Hunter S. Thompson Would No Longer Recognize San Francisco



I have on my wall a poster that Hunter S. Thompson, an early mentor, gave me when I moved to the Bay Area. Called “Open Letter: San Francisco, Oct. 25, 1960,” it is Hunter’s stream-of-consciousness portrait of a city soaked in booze and romanticism, a place of rebels and deadbeats and those who had run out of luck:

City of hills and fog and water, bankers and boobs — Republicans all. City of no jobs … City of no money except what you find at the General Delivery window; and somehow it’s always enough … San Francisco, edge of the western world, where you can drink all night and jump off the bridge to beat a hangover, where you can sell encyclopedias because no other job is available, where you refuse to sell encyclopedias because you have better things to do.

San Francisco is no longer that city.

Thanks in large part to the rise of Silicon Valley, San Francisco is now about money more than alienation and self-discovery and creating art. Technology has moved the city from the edge of the world to the center.

But this boom does not benefit all residents, and those left out — the majority, it seems — have begun to vocally question what is going on. The topics roiling San Francisco are the same ones driving the presidential campaigns: inequality and a shiny future that does not seem available to all.

If you live here, you can feel the Bay Area becoming the capital of Technopolis. My house is way out on the BART line, just about as far from Silicon Valley as it is possible to get via public transportation, and yet the advertisements in my station speak only to the geeks: “Is your CRM a plus or a minus?” The University of San Francisco, aspiring to be Stanford, hangs posters from streetlights touting itself as the “University of ‘Look, Mom, I just got funded.’ ” The area still has its natural beauty, but attempts to enjoy it must be plotted like military campaigns: The 32-mile trip back from the beach on Presidents’ Day took me two hours.

Silicon Valley’s unofficial motto is that it is here to improve our lives, and while in many respects this is true — who among us would willingly surrender their Gmail or iPhone camera? — San Franciscans are beginning to realize what they are asked to give up in return: San Francisco.

My story last week documenting some aspects of this transition prompted over 1,200 comments. Some of them suggested I didn’t go far enough when I said people here were waiting for some shrinkage in the tech bubble.

“Count me as one native who will now dance upon the employment graves of every tech bro as he falls to ruin,” wrote Anna, saying she had watched a friend’s “sick, elderly mother tossed out of her home by a wealthy techie.”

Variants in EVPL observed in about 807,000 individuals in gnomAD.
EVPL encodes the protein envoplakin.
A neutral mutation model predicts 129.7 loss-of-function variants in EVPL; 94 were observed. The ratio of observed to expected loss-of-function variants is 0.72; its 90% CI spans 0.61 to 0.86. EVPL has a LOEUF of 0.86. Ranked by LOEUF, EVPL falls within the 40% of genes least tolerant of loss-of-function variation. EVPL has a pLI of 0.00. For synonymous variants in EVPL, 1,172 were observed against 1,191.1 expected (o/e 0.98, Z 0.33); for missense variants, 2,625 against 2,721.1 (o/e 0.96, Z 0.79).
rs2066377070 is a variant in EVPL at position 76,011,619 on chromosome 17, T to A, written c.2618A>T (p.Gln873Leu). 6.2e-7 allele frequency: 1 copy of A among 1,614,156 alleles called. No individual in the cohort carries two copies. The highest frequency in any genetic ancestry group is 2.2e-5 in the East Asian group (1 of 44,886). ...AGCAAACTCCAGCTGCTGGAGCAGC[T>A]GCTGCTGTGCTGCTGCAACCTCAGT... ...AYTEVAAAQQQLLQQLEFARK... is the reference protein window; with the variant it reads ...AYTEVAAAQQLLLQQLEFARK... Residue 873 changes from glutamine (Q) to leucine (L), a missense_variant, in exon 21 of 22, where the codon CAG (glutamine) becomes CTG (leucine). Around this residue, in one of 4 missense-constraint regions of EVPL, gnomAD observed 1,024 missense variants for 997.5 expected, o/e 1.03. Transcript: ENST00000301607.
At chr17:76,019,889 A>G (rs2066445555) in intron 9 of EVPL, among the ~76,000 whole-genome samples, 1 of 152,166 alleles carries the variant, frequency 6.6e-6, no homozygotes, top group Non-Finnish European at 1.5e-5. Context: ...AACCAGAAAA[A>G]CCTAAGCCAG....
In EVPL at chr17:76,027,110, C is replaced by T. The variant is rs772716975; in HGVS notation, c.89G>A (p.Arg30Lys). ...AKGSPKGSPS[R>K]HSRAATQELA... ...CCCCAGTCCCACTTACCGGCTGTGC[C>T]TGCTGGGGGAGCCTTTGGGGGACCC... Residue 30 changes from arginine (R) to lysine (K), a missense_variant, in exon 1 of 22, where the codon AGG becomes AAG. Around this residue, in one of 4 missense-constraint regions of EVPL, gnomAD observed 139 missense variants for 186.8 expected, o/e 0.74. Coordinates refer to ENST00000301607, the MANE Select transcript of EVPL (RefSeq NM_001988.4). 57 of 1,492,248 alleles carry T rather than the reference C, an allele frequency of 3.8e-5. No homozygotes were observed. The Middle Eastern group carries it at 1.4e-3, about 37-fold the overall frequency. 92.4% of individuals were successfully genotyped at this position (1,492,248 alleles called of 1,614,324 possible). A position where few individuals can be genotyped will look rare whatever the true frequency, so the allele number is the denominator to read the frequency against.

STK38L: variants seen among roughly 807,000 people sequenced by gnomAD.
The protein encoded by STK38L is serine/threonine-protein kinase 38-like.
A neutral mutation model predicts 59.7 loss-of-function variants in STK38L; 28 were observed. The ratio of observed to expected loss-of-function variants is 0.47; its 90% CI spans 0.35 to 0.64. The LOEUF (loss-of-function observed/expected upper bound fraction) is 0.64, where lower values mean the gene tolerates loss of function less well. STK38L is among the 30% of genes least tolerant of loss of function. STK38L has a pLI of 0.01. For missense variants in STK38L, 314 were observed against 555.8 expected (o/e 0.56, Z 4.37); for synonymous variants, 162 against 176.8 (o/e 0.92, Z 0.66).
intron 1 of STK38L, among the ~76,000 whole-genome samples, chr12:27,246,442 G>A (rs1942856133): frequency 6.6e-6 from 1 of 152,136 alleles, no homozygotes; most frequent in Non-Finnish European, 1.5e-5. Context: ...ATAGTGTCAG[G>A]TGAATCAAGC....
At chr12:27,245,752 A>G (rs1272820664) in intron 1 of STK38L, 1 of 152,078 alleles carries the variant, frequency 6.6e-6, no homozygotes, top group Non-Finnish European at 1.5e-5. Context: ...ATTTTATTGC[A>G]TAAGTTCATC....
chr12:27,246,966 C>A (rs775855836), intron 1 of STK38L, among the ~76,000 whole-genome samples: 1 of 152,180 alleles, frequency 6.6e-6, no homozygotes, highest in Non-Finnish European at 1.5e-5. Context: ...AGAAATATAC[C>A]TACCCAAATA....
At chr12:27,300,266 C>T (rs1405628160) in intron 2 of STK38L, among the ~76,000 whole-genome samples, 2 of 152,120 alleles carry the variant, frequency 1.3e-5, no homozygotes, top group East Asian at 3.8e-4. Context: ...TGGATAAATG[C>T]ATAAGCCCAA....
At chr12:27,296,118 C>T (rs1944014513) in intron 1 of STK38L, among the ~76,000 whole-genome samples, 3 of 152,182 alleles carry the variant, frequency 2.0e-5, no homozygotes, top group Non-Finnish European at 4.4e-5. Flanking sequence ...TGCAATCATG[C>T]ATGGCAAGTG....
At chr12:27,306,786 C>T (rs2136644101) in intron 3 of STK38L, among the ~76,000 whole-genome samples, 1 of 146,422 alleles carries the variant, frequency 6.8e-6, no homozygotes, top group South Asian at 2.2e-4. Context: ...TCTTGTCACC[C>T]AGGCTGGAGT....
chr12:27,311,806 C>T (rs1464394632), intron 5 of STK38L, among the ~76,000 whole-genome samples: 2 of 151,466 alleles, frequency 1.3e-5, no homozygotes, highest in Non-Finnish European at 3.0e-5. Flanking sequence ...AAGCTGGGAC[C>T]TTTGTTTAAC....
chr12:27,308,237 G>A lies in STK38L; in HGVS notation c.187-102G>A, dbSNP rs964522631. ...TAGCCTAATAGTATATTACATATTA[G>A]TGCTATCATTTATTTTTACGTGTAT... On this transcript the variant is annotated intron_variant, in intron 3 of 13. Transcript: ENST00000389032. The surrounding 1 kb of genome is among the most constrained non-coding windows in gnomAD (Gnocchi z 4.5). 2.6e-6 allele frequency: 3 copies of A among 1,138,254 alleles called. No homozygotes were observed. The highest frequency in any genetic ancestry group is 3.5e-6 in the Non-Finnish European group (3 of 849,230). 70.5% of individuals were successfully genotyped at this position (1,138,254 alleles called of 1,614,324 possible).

Others literally want the earth to move: “Many of us secretly wish for another shaker — no one gets hurt but the ones that aren’t used to it pack up and get the hell out,” said SMedeiros.

More nuanced were those who saw both sides of the issue. The city Hunter Thompson lived in more than a half-century ago, as tech boosters will surely point out, might have been cheap but it did not supply many good jobs.

“The tech boom has brought undeniable benefits to the city, including low unemployment, rising real estate prices, which benefit homeowners like us, and improved health care with state of the art hospitals,” wrote Christopher Rillo. “Yet the city has lost part of its soul, been diminished by this new gold rush.”

Another commenter summed up the situation in 10 words: “Wealth is just as capable of ravaging cities as poverty.”

One unexplored consequence of all this wealth is that Silicon Valley’s well-chronicled problem with diversity is now beginning to reshape the surrounding community. “SF has become one of the most racially segregated cities in the U.S.,” wrote G. Harris. “This rarely gets mentioned. At most public events I attend in SF I am the only Black person. The same is true when I eat in restaurants.”

Evictions are moving up the income chain. It used to be that you got evicted if you didn’t have a job. Now it can happen if the value of your rental rapidly increases to more than you afford to can pay.

“ALL of the renters I know are facing the prospect of eviction, and most of us are lucky enough to make a decent salary,” wrote Jenny. “It’s crazy.”

Yet another group expressed regret that Silicon Valley, which is so fond of attempting impossible things it calls them “moonshots,” is trying so little in this respect.

“It is appalling that the very bright people making this wealth can’t seem to figure out a way to assist their less fortunate sisters and brothers,” wrote rbjd.

That seems to be the crucial issue. The future that Silicon Valley is building could improve the lives of everyone, or it might only be a playground for Silicon Valley.

The tech community insists it is working for all, but the situation increasingly brings to mind “Invasion of the Body Snatchers,” the iconic 1956 horror movie — set in a San Francisco suburb; the 1978 remake takes place in the city itself — of people being replaced by new and improved body duplicates.

One of the “Invasion” characters, freshly converted, advises a few holdouts: “Give up! You can’t get away from us! We’re not gonna hurt you!” Silicon Valley’s advice is similar. Put your life in our hands, the tech people say, and everything will be fine. Build more housing. Much more. Traffic might be so bad you can never leave your house, but don’t worry — we’ll be delivering everything you could possibly want via drone or Uber.

For the moment, at least, fewer people in the Bay Area seem to be buying those promises.

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